Trump Takes Out After Special Prosecutor Mueller, Dumps on Sessions and the Justice Department
L’état, c’est moi. The Trump-Kremlin conspiracy investigation reached a new level of tension Thursday as it appeared that Trump may be preparing an effort to fire or severely restrict Special Prosecutor Robert Mueller. Trump’s lawyers are exploring ways to limit or undercut Mueller’s Russia investigation, The Washington Post reported. Trump has also asked advisers about his ability to pardon aides, family members and even himself. The attorneys are compiling a list of Mueller’s alleged potential conflicts of interest. The effort to investigate the investigators is another sign of a looming showdown between Trump and Mueller, who has assembled a team of high-powered prosecutors and agents, some of whom have vast experience prosecuting financial malfeasance. Asked if Mueller’s investigation would cross a red line if it expanded to look at his family’s finances beyond any relationship to Russia, Trump told The New York Times, “I would say yes. I think that’s a violation.” He would not say what he would do about it. Trump also used The Times interview to lash out at Attorney General Jeff Sessions and his deputy, Rod Rosenstein, who appointed Mueller. Trump said he would have never nominated Sessions if he knew Sessions was going to recuse himself from the Trump-Kremlin conspiracy case. Sessions said he plans to stay on at the Justice Department. “Who attacks their entire Justice Department?” one person asked The Washington Post. “It’s insane.” Fired US Atty. Preet Bharara also had a string of Twitter comments on the boiling situation: “If Mueller is fired, then does rule of law matter anymore?”
Insured. Sen. John McCain (R-Ariz.) has a type of brain cancer that is often deadly, but he does have at least one thing in his favor: health insurance. Cancer patients with private health insurance or Medicare outlive those on Medicaid or without insurance. Trumpcare would have left millions more people, some of them current and future cancer patients, without insurance.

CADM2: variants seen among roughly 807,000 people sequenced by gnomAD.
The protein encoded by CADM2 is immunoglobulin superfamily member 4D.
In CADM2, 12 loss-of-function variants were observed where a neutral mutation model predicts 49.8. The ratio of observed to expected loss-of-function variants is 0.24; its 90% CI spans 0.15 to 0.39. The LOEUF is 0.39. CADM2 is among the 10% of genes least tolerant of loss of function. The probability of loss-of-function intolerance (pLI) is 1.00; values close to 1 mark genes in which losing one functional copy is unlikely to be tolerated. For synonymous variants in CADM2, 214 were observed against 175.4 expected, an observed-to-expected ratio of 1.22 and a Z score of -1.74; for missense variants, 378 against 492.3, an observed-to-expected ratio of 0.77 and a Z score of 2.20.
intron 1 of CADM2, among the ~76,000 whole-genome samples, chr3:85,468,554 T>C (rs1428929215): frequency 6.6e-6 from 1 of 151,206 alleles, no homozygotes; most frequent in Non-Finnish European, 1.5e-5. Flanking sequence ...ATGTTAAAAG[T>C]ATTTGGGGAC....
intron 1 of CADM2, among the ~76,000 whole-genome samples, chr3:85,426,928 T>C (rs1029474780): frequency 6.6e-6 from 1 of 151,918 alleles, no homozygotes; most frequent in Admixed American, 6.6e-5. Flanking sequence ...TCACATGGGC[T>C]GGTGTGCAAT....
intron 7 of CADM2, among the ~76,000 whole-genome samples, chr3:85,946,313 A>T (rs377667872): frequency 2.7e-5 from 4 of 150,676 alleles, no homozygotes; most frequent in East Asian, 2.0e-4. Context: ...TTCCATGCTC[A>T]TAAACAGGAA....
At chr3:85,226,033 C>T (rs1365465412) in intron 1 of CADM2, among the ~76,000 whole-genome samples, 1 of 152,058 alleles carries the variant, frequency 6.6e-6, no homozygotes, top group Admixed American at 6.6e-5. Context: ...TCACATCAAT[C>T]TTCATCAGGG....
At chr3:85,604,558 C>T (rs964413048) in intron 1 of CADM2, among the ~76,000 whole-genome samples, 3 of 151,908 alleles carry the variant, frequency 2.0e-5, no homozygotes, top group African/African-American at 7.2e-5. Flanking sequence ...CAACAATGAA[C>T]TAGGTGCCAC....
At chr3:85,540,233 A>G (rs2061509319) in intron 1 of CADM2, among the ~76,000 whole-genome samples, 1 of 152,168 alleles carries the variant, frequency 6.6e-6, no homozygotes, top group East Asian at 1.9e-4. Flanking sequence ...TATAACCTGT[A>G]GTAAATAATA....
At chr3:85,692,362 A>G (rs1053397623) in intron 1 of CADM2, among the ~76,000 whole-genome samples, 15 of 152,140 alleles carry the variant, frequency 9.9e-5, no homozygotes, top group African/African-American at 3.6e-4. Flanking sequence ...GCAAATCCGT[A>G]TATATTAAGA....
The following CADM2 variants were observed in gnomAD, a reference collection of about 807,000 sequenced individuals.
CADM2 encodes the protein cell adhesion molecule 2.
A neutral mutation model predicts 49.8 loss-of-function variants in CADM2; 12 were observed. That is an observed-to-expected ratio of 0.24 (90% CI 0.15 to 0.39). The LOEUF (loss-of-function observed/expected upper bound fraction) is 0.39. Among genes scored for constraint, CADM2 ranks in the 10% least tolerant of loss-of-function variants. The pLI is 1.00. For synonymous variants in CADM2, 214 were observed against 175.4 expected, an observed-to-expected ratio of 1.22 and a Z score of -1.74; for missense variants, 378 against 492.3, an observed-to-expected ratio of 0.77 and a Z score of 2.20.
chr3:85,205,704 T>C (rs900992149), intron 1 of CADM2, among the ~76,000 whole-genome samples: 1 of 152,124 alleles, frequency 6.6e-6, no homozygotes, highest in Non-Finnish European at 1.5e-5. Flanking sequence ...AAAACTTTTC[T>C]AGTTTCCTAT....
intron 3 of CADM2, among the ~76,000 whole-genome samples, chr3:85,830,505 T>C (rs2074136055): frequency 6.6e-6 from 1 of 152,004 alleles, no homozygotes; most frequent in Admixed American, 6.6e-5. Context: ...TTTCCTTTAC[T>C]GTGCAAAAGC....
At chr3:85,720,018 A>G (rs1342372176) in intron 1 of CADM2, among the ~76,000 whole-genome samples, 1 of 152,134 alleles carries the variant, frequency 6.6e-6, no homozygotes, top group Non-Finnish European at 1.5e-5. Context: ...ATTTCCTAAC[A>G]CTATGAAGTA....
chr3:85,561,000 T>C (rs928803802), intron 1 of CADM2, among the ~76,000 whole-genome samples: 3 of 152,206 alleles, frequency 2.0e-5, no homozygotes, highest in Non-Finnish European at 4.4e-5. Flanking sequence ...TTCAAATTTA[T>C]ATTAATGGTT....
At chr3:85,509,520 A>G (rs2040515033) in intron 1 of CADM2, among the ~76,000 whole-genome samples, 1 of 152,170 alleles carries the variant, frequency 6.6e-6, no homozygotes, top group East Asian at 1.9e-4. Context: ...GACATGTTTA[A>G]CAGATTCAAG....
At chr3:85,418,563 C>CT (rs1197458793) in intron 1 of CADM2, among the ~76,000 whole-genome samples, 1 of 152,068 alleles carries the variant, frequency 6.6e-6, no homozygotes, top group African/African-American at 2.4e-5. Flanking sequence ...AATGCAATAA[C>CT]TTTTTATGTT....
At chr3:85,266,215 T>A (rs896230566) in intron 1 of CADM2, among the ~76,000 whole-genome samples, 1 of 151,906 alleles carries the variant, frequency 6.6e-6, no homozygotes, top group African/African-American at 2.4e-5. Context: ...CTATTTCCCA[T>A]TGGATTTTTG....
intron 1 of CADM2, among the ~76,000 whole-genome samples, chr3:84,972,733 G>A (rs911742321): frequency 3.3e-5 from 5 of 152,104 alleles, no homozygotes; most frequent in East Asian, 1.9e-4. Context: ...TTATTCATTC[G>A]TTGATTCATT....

Arts matter. The National Endowment for the Arts would receive $145 million in fiscal 2018, just a 3 percent cut from its funding of about $150 million this year, under a bill approved Tuesday by the House Appropriations Committee. That’s about five dimes for every American. Trump’s tacky budget for the NEA would have slashed about $116 million, or about 77 percent of this year’s funding. Republicans typically have wanted to reduce or eliminate cultural funding. Trump’s budget for the NEA, which helped fund “Hamilton” and an arts program in Berea, Ken., would have saved taxpayers $1 out of every $35,351 Trump wants to spend.
Not union proud. Loren Sweatt, a former lobbyist for the anti-union construction group Associated General Contractors, will reportedly be named deputy assistant secretary of labor for OSHA. Sweatt would be OSHA’s highest official until an assistant secretary is nominated and confirmed. The deputy job does not have to be confirmed by the Senate. Sweatt is the senior policy adviser for the House Committee on Education and the Workforce.
More Keystones. Oil companies that want to build pipelines from Mexico or Canada could face fewer obstacles under a bill, H.R. 2883, approved 254-175 Wednesday by the House. The bill, sponsored by Rep. Markwayne Mullin (R-Okla.) would eliminate the need for a presidential permit for pipelines that cross U.S. international borders. The Federal Energy Regulatory Commission, not the State Department, would examine whether a pipeline is needed. Former President Barack Obama rejected the 1,179-mile Keystone XL pipeline, but Trump later approved the project.